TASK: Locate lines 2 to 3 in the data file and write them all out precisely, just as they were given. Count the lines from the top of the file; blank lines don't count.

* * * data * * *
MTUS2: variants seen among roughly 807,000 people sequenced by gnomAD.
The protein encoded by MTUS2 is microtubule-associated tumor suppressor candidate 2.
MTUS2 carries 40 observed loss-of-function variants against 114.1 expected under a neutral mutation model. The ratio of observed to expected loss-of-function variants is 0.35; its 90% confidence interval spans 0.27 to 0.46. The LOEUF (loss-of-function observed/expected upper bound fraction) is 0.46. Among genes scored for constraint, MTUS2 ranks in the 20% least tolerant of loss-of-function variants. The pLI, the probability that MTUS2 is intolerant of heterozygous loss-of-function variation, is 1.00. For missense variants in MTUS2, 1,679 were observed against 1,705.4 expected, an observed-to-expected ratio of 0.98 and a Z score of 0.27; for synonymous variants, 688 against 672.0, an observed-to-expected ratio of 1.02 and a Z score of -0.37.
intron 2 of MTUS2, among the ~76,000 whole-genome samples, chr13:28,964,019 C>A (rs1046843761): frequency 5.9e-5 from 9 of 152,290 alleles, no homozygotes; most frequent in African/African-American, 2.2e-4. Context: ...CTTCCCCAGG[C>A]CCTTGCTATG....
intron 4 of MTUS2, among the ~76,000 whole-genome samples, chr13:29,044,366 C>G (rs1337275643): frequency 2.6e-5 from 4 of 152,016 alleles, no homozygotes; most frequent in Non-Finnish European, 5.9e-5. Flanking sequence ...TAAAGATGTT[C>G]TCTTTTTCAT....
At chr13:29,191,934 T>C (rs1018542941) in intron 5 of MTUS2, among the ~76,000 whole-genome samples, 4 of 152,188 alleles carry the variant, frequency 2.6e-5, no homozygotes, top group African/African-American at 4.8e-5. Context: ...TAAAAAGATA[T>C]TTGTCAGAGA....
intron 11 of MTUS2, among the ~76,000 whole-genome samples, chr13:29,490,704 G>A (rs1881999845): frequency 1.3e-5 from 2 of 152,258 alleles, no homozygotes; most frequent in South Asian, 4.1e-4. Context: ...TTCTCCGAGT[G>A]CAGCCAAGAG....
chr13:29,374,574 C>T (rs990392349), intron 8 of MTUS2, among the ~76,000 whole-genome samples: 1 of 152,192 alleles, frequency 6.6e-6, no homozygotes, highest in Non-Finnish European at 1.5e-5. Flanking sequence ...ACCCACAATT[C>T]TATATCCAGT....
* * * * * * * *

The protein encoded by MTUS2 is microtubule-associated tumor suppressor candidate 2.
MTUS2 carries 40 observed loss-of-function variants against 114.1 expected under a neutral mutation model. The ratio of observed to expected loss-of-function variants is 0.35; its 90% confidence interval spans 0.27 to 0.46. The LOEUF (loss-of-function observed/expected upper bound fraction) is 0.46. Among genes scored for constraint, MTUS2 ranks in the 20% least tolerant of loss-of-function variants. The pLI, the probability that MTUS2 is intolerant of heterozygous loss-of-function variation, is 1.00. For missense variants in MTUS2, 1,679 were observed against 1,705.4 expected, an observed-to-expected ratio of 0.98 and a Z score of 0.27; for synonymous variants, 688 against 672.0, an observed-to-expected ratio of 1.02 and a Z score of -0.37.